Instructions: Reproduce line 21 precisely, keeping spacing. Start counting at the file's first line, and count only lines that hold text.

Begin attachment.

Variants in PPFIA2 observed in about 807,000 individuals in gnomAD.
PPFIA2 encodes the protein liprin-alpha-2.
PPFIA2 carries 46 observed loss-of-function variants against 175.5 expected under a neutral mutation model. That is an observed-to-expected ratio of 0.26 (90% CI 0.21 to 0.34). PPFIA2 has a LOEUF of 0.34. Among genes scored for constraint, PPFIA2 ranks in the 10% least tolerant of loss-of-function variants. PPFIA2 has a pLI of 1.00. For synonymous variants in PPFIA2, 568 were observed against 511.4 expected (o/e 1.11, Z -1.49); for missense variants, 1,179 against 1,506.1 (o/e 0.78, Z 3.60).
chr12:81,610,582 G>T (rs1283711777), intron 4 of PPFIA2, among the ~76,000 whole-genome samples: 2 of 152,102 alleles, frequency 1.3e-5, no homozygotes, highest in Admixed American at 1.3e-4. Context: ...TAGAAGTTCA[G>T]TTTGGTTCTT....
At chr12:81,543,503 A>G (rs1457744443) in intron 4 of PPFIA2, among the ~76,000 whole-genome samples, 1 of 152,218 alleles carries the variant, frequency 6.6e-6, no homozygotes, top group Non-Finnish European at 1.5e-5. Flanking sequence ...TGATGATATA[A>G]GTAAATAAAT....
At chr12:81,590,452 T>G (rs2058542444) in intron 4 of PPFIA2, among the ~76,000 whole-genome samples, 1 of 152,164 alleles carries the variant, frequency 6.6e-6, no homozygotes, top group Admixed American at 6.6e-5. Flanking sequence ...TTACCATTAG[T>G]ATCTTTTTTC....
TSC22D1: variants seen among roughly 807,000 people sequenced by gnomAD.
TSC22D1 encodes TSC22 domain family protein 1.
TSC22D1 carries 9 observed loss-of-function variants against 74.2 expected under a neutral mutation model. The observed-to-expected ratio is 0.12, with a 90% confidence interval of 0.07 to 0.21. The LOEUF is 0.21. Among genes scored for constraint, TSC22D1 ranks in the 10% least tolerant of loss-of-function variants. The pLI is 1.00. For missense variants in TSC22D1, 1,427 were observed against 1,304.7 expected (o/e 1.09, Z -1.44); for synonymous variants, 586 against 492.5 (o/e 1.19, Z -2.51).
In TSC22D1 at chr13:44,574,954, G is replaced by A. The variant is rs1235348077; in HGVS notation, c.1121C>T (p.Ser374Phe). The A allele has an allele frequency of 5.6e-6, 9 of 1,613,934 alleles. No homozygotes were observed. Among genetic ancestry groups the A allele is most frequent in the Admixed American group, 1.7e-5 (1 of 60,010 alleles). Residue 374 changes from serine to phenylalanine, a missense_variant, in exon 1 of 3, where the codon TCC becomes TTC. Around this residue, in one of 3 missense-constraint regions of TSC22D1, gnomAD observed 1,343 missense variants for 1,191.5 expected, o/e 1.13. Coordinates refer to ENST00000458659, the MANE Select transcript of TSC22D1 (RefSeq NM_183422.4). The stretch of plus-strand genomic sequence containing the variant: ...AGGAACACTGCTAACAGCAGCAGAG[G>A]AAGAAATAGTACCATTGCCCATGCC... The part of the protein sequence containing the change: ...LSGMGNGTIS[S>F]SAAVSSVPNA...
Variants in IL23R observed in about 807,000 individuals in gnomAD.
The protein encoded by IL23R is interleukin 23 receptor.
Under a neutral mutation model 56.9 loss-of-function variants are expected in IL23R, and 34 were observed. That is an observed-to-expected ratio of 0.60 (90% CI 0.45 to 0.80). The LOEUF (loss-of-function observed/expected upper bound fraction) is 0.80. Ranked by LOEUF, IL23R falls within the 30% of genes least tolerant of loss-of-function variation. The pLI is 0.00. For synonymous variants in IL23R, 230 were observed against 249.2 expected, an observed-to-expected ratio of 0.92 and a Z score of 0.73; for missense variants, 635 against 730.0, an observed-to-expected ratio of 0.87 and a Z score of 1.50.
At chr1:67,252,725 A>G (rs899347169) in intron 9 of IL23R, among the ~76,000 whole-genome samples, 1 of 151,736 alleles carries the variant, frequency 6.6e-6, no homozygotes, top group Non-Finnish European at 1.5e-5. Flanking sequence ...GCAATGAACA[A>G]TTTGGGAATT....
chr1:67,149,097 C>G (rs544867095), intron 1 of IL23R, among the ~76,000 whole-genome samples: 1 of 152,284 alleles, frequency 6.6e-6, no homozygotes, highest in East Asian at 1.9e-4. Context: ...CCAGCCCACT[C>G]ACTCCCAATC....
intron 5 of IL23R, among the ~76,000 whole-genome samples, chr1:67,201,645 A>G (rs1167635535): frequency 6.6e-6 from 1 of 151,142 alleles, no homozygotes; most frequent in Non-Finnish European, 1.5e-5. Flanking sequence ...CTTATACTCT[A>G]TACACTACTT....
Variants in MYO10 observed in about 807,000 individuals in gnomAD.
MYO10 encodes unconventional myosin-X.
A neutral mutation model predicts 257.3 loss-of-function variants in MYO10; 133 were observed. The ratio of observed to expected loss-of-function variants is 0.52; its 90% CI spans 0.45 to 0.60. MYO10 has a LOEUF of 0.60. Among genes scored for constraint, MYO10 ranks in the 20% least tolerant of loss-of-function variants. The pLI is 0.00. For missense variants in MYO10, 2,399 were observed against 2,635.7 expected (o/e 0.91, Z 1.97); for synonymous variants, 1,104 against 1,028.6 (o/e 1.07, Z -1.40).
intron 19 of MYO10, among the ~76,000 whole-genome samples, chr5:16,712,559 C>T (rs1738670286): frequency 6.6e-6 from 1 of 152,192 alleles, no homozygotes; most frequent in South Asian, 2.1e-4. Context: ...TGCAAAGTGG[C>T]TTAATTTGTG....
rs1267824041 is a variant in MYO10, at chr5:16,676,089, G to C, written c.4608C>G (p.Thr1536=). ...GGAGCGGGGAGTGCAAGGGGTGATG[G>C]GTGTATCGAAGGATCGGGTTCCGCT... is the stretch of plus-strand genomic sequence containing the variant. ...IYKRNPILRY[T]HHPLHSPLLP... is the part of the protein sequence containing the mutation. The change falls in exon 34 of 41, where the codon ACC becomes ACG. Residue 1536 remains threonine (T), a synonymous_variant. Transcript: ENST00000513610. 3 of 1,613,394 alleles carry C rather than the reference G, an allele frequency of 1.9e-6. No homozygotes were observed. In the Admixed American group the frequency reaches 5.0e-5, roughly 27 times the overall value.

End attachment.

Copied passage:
rs1267824041 is a variant in MYO10, at chr5:16,676,089, G to C, written c.4608C>G (p.Thr1536=). ...GGAGCGGGGAGTGCAAGGGGTGATG[G>C]GTGTATCGAAGGATCGGGTTCCGCT... is the stretch of plus-strand genomic sequence containing the variant. ...IYKRNPILRY[T]HHPLHSPLLP... is the part of the protein sequence containing the mutation. The change falls in exon 34 of 41, where the codon ACC becomes ACG. Residue 1536 remains threonine (T), a synonymous_variant. Transcript: ENST00000513610. 3 of 1,613,394 alleles carry C rather than the reference G, an allele frequency of 1.9e-6. No homozygotes were observed. In the Admixed American group the frequency reaches 5.0e-5, roughly 27 times the overall value.